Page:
Home insurance: When can you claim and why might you be refused?

3 min read
February 12, 2016

(12/02/16) Got a home insurance claim to make? We find out why you might be less likely to be covered than you think. And why you’re 21 times less likely to lose out with car insurance claims

Home Insurance

Figures revealed by the Association of British Insurers (ABI) show that you’re far more likely to get a home insurance claim turned down than you are a car insurance claim.

Numbers for claims in 2013 and 2014 reveal that 21 per cent of home insurance policy claimants are refused, against just 1 per cent of motor insurance claimants.

However, average payouts are higher for home insurance – at £2,520 – rather than the £2,160 car insurance claims received on average.

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But what happens if you’re one of the unlucky 21 per cent? And how can you avoid being refused a payout?

The key reason for home insurance claims being refused is down to the policy holders not keeping the property in a good enough condition. And here the onus is very much on you as the policyholder to keep up the maintenance on your property.

Other reasons included not having purchased optional accidental damage cover, or the claim being to small for the cover.

Top tips for getting a payout when you have to make a claim

Check your policy small print very carefully some items such as stereos and windows can be covered in your standard contents insurance. Other electrical equipment (e.g. laptops) is often not included in accidental damage cover. You can extend cover to include these items, which can be useful if you have young children – but be aware that you have to pay extra for this cover and any no claims bonus that you have accrued will be lost in the event of a claim. Other damage such as that caused by pets chewing your sofa will not be covered.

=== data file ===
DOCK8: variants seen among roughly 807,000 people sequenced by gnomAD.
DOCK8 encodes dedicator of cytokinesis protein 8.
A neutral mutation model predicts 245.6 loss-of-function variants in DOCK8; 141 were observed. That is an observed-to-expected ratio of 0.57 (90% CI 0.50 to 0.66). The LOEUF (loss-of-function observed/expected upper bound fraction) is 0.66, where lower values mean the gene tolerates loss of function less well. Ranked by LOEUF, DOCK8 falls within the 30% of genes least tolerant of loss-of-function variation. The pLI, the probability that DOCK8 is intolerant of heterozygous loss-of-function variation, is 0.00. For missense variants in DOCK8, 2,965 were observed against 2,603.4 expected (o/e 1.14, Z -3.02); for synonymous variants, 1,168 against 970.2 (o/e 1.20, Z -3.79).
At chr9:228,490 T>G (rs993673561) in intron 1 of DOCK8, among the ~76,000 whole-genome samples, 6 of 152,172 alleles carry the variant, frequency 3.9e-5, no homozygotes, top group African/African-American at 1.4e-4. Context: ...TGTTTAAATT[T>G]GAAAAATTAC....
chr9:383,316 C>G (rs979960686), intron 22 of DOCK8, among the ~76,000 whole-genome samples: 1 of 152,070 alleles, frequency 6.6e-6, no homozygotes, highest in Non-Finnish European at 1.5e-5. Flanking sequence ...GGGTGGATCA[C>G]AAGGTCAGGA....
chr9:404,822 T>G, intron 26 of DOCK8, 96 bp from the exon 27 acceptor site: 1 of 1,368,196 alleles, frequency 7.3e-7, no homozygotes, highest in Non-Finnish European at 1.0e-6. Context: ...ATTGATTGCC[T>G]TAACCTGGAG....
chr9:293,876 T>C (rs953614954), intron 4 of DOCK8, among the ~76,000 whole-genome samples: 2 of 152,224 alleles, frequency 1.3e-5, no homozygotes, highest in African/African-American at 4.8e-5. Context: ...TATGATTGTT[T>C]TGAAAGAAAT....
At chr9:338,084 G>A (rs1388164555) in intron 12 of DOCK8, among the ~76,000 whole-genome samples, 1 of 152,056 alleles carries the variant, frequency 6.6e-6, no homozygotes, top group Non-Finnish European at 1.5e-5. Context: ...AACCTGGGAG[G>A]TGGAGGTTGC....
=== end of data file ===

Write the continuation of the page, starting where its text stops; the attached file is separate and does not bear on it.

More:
Keep a record and photographic evidenceThis evidence can be used for your insurance claim. You should contact your insurer to find out why the items are excluded from your cover as you have the right to appeal. You should retain a copy of the letter, and send all correspondence by recorded mail. Details of how to make a formal appeal will be found on your policy documents, or on your insurer’s website.

If your insurer’s formal appeal procedure does not yield fruit and your insurer is a member of Lloyds then you can make a complaint via the Policyholder and Market Assistance Department (of Lloyds). Otherwise, a last resort is to contact the ombudsman, which will act as a mediator in your case.

Going to the Financial Ombudsman

You can take a disputed claim to the Financial Ombudsman Service eight weeks after first raising the issue with your insurer – or when you receive a deadlock letter (formal notification from your insurer that they cannot resolve your issue).

The complaints that do go to the ombudsman for home insurance have an uphold rate of 33 per cent for contents insurance and 38 per cent for buildings insurance.

Common reasons you might take your home or contents insurance case to the ombudsman:

  • Insurers rejecting claims as they consider the damage to be wear-and-tear;
  • Delays in the time it has taken to repair the property
  • Cases where the property was considered ‘unoccupied’ when damage has occurred
  • Disputes over loss-adjuster valuations
  • Disputes over whether the damage was to the ‘fabric of the house’. (The general rule of thumb is whether the item can be removed relatively easily and taken away such as laminate floors.)

Common reasons you might take your case to the ombudsman for car or motorbike insurance:

  • Administrative issues: These include customer services, delays, renewals and payment issues
  • Advice/sale: This could involve misrepresentation, non-disclosure problems, poor explanation of terms of service, suitability for a particular product
  • Claims: delays, forgery/fraud, policy terms, repairs etc.

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